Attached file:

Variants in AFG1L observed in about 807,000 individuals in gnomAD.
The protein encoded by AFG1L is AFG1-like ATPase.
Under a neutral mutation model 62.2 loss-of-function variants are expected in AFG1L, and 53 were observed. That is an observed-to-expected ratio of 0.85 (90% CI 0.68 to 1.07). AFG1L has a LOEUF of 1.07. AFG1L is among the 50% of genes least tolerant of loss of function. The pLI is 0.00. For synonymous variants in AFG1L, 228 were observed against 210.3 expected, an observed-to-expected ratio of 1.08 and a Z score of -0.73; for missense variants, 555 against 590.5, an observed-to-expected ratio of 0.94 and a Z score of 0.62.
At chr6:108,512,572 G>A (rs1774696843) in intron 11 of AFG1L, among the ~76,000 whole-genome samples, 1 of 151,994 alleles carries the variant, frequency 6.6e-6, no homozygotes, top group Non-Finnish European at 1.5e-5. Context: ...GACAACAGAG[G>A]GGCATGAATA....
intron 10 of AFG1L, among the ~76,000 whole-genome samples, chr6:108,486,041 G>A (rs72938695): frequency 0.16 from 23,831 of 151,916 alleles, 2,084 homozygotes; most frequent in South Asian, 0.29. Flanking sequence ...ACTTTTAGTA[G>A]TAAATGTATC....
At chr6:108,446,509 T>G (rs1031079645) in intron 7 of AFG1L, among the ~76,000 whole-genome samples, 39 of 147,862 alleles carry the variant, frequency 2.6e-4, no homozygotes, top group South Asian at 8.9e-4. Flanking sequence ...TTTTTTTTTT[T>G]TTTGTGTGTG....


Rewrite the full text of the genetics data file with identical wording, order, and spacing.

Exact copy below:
Variants in AFG1L observed in about 807,000 individuals in gnomAD.
The protein encoded by AFG1L is AFG1-like ATPase.
Under a neutral mutation model 62.2 loss-of-function variants are expected in AFG1L, and 53 were observed. That is an observed-to-expected ratio of 0.85 (90% CI 0.68 to 1.07). AFG1L has a LOEUF of 1.07. AFG1L is among the 50% of genes least tolerant of loss of function. The pLI is 0.00. For synonymous variants in AFG1L, 228 were observed against 210.3 expected, an observed-to-expected ratio of 1.08 and a Z score of -0.73; for missense variants, 555 against 590.5, an observed-to-expected ratio of 0.94 and a Z score of 0.62.
At chr6:108,512,572 G>A (rs1774696843) in intron 11 of AFG1L, among the ~76,000 whole-genome samples, 1 of 151,994 alleles carries the variant, frequency 6.6e-6, no homozygotes, top group Non-Finnish European at 1.5e-5. Context: ...GACAACAGAG[G>A]GGCATGAATA....
intron 10 of AFG1L, among the ~76,000 whole-genome samples, chr6:108,486,041 G>A (rs72938695): frequency 0.16 from 23,831 of 151,916 alleles, 2,084 homozygotes; most frequent in South Asian, 0.29. Flanking sequence ...ACTTTTAGTA[G>A]TAAATGTATC....
At chr6:108,446,509 T>G (rs1031079645) in intron 7 of AFG1L, among the ~76,000 whole-genome samples, 39 of 147,862 alleles carry the variant, frequency 2.6e-4, no homozygotes, top group South Asian at 8.9e-4. Flanking sequence ...TTTTTTTTTT[T>G]TTTGTGTGTG....